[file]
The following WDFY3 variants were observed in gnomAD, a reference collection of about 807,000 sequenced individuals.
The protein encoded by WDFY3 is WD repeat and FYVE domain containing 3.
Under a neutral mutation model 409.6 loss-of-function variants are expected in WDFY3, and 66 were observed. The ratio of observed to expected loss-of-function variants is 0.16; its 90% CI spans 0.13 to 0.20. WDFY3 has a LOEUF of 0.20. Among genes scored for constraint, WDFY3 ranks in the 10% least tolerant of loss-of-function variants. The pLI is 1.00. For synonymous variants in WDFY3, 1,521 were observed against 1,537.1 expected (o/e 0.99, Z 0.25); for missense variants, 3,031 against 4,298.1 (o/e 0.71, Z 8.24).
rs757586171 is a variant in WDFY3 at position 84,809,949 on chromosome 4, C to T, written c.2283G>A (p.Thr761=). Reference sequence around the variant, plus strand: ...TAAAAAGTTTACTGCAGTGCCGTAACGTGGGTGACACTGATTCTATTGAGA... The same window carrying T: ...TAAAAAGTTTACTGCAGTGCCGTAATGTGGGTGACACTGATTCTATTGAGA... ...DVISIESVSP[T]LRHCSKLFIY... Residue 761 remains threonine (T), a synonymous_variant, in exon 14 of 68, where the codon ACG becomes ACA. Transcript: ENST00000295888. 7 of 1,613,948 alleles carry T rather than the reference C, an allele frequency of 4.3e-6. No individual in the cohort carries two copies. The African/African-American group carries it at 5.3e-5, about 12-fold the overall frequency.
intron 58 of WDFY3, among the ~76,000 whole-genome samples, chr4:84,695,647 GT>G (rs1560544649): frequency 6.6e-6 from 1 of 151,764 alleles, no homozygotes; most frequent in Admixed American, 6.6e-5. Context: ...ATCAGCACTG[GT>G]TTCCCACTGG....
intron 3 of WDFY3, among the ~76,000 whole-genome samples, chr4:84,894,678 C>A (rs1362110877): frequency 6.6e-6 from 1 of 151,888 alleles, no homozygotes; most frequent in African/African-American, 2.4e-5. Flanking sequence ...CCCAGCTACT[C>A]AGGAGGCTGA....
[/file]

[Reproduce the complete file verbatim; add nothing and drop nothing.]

The following WDFY3 variants were observed in gnomAD, a reference collection of about 807,000 sequenced individuals.
The protein encoded by WDFY3 is WD repeat and FYVE domain containing 3.
Under a neutral mutation model 409.6 loss-of-function variants are expected in WDFY3, and 66 were observed. The ratio of observed to expected loss-of-function variants is 0.16; its 90% CI spans 0.13 to 0.20. WDFY3 has a LOEUF of 0.20. Among genes scored for constraint, WDFY3 ranks in the 10% least tolerant of loss-of-function variants. The pLI is 1.00. For synonymous variants in WDFY3, 1,521 were observed against 1,537.1 expected (o/e 0.99, Z 0.25); for missense variants, 3,031 against 4,298.1 (o/e 0.71, Z 8.24).
rs757586171 is a variant in WDFY3 at position 84,809,949 on chromosome 4, C to T, written c.2283G>A (p.Thr761=). Reference sequence around the variant, plus strand: ...TAAAAAGTTTACTGCAGTGCCGTAACGTGGGTGACACTGATTCTATTGAGA... The same window carrying T: ...TAAAAAGTTTACTGCAGTGCCGTAATGTGGGTGACACTGATTCTATTGAGA... ...DVISIESVSP[T]LRHCSKLFIY... Residue 761 remains threonine (T), a synonymous_variant, in exon 14 of 68, where the codon ACG becomes ACA. Transcript: ENST00000295888. 7 of 1,613,948 alleles carry T rather than the reference C, an allele frequency of 4.3e-6. No individual in the cohort carries two copies. The African/African-American group carries it at 5.3e-5, about 12-fold the overall frequency.
intron 58 of WDFY3, among the ~76,000 whole-genome samples, chr4:84,695,647 GT>G (rs1560544649): frequency 6.6e-6 from 1 of 151,764 alleles, no homozygotes; most frequent in Admixed American, 6.6e-5. Context: ...ATCAGCACTG[GT>G]TTCCCACTGG....
intron 3 of WDFY3, among the ~76,000 whole-genome samples, chr4:84,894,678 C>A (rs1362110877): frequency 6.6e-6 from 1 of 151,888 alleles, no homozygotes; most frequent in African/African-American, 2.4e-5. Flanking sequence ...CCCAGCTACT[C>A]AGGAGGCTGA....